When rhetoric edges toward demagoguery, techniques to beware of include selective use of data and misleading statements that may sound appealing but actually perpetuate misconceptions. And when an author’s own numbers don’t support their broad conclusions, it’s time to be even more wary about going along for the ride.
Enter Robert McCullough’s latest faulty comparison of the cost and value of various forms of power generating resources (Renewables Cost Report, published by McCullough Research on Oct. 5).
The primary focus of McCullough’s report is on declining costs for new renewable resources such as wind power and solar photovoltaic generation, relative to other types of power supplies, including new hydroelectric power plants. The report begins by reiterating the conclusion reached in an earlier McCullough Research report:
“This assessment only reinforces the conclusion I reached in my report last year – renewables such as solar and wind are less than half the cost of hydro.”
Immediately following this statement, the McCullough report presents a table comparing the average levelized (life-cycle) cost in Canadian dollars per megawatt-hour (MWhr) for the following generating resources:
Careful readers will quickly note that the numbers simply do not support McCullough’s claim that hydro is double the cost of other forms of renewable generation. According to his own comparison, the levelized cost of power from the Site C hydro project is estimated to be 15.6 percent higher than the cost of onshore wind power, and 41.5 percent higher than the cost of utility-scale solar photovoltaic generation. So right out of the gate, McCullough’s rhetoric is unsupported, even by the cost comparison he prepared himself.
But wait, it gets worse. McCullough’s simplistic comparison of the cost of power from these types of power resources totally ignores the practical reality that they have very different characteristics and capabilities. As a result, the value of the power produced by different types of power generation varies dramatically.
This is not a small point.
U.S. News and World Report made sure its readers were aware of LCOE drawbacks, the exact drawbacks McCullough chooses to ignore.
Despite the strengths of LCOE as a metric – it is easy to understand and widely used – it has some shortcomings, too. Namely, it leaves out geographic variability, changes with seasons and usually ignores the cost of environmental impacts such as the cost of carbon emissions. This metric is a bit too simple when comparing variable wind and solar generators to power plants that you can turn on and off at will, such as those fueled by uranium, coal and natural gas.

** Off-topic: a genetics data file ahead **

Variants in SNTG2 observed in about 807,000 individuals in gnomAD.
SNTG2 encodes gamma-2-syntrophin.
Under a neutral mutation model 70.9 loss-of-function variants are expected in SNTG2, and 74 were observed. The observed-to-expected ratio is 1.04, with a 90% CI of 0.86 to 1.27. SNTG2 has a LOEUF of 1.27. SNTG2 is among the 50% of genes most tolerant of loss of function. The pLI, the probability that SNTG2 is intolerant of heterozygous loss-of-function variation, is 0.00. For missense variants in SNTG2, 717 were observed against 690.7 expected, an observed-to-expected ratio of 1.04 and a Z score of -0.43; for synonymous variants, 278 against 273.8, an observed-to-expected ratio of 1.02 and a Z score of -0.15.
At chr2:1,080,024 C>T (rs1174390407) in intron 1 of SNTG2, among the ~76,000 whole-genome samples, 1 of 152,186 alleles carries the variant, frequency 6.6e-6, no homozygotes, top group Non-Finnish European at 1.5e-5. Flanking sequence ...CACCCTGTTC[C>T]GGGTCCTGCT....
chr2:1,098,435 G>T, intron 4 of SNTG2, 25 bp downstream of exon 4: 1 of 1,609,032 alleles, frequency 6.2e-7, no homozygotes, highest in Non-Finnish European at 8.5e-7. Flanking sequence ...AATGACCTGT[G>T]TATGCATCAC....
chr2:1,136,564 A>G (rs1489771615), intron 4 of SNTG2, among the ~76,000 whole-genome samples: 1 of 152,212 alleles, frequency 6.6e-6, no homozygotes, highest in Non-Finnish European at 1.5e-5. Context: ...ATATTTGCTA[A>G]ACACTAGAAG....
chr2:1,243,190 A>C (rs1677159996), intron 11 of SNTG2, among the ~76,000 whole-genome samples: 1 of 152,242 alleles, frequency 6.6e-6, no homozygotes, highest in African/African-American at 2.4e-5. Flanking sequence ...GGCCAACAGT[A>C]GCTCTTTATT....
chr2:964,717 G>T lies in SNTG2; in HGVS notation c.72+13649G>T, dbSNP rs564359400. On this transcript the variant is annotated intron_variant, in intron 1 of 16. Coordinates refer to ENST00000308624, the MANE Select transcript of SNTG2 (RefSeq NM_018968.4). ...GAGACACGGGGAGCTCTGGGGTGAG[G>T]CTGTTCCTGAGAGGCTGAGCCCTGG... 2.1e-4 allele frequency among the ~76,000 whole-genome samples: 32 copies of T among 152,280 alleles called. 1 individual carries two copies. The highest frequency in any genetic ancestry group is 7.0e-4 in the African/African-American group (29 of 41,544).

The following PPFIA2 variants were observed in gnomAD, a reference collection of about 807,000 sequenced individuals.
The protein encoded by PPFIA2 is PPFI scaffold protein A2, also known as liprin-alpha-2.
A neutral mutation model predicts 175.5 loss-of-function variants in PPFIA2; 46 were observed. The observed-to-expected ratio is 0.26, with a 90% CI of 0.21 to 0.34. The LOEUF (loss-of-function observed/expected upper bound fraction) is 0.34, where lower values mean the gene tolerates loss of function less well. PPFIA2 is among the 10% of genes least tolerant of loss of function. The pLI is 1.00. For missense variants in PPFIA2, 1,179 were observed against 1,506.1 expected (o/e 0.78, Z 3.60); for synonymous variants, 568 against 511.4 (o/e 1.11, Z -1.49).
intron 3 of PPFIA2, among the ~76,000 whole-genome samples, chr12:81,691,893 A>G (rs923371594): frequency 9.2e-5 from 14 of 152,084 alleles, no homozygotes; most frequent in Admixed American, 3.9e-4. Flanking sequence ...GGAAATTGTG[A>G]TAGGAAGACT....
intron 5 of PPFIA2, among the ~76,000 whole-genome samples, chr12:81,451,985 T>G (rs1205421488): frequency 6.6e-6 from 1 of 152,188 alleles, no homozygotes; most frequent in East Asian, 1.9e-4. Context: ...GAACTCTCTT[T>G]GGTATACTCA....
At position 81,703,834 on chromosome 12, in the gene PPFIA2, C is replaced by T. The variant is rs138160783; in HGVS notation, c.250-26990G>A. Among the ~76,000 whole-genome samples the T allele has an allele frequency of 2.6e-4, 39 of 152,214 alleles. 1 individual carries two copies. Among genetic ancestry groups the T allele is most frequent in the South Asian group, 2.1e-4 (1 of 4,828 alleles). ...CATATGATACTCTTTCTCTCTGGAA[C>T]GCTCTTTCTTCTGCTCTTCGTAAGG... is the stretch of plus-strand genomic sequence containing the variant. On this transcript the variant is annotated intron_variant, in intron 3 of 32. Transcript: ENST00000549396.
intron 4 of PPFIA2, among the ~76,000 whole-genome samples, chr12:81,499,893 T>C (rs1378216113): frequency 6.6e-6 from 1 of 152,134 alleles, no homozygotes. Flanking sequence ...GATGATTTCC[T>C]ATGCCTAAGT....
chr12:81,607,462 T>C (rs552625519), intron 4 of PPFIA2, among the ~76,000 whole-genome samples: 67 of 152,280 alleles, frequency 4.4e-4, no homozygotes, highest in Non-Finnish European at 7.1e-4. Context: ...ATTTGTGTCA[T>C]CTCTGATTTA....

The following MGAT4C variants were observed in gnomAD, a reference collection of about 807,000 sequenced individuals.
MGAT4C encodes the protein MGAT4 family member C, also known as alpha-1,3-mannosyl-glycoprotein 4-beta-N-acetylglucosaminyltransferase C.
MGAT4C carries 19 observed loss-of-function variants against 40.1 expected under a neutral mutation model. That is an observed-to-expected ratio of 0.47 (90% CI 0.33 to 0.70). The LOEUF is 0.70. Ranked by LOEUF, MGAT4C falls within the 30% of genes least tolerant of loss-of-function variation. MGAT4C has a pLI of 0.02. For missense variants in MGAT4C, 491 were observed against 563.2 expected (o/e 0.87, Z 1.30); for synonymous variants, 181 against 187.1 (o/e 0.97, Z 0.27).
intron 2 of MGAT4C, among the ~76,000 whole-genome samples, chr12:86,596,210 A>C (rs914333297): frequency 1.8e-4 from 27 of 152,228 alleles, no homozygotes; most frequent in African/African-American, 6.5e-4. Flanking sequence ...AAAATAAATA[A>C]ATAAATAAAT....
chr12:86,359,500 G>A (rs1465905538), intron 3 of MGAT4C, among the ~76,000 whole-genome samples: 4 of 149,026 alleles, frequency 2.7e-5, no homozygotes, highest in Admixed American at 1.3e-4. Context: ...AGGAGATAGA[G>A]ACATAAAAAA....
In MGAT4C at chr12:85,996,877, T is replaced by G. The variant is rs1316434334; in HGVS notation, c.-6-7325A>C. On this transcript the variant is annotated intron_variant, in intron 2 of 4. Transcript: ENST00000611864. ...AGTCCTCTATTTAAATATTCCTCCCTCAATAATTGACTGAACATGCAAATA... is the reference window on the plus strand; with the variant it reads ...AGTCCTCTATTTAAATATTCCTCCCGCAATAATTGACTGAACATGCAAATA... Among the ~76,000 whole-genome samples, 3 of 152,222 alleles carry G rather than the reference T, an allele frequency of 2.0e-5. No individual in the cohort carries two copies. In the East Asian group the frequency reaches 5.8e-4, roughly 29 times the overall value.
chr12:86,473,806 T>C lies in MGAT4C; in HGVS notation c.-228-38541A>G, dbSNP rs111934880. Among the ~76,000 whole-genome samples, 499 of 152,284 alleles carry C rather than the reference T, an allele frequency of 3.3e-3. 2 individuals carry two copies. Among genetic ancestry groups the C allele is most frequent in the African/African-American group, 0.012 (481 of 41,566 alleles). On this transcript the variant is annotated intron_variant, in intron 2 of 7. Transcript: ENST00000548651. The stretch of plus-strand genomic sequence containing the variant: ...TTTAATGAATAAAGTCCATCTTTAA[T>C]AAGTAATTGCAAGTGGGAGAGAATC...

And one could add water.
For example, consider solar photovoltaic generation. As the McCullough report (correctly) notes, solar PV in the Pacific Northwest only produces at a 19 percent to 26 percent capacity factor. But what the McCullough report does not mention is that solar PV generation occurs primarily during the spring and summer months between mid-morning and late afternoon. Meanwhile, consumption of electricity in most of the Pacific Northwest is typically highest during earlier and later parts of the day, and during the winter season. This means that other, less intermittent forms of generation are needed when consumers use the most electricity. It also means that a significant share of solar generation occurs when the market value of power is low – further reducing the value of solar PV compared to other types of generation. These realities are not acknowledged in the McCullough report. (He does reference the potential use of energy storage to partially mitigate the daily mismatches between solar PV generation and consumer use of electricity, but conveniently neglects to include the additional costs that would be incurred for storage.)
Anyone living in the Pacific Northwest has felt the bite of Old Man Winter of late, with temperatures falling into the single digits for extended periods. How are people staying warm? Mostly from baseload, or full-time, electricity resources like hydro, fossils and nuclear.
Is that value worth something? We think so.
Diversity is key
One of the information sources quoted in the McCullough report is Lazard’s Levelized Cost of Energy Analysis 9.0, which was published in 2015. The Lazard LCOE analyses are actually a good source of information about costs for various types of power generation. But unlike McCullough, Lazard is realistic about how a diversified mix of resources is needed to keep the lights on. Toward this point, here is a key quote from Lazard’s press release for their latest LCOE Analysis 10.0, issued December 15, 2016:
“Even though alternative energy is increasingly cost-competitive and storage technology holds great promise, alternative energy systems alone will not be capable of meeting the baseload generation needs of a developed economy for the foreseeable future. Therefore, the optimal solution for many regions of the world is to use complementary traditional and alternative energy resources in a diversified generation fleet.”
We could go on with identifying flaws in the McCullough report, but will close by observing that it improperly compares the cost of generating resources with the market value of wholesale power, and does so only when it supports false conclusions. For instance, the McCullough report once again trots out a previously-debunked and overly-simplistic comparison of the operating cost of nuclear power with “the low market cost of electricity.” Meanwhile, the report refrains from comparing the cost of new renewable resources with “the low market cost of electricity.”
When it comes to biased, inconsistent and misleading “analyses” like those presented in the latest McCullough report, reader beware.
(Posted by John Dobken)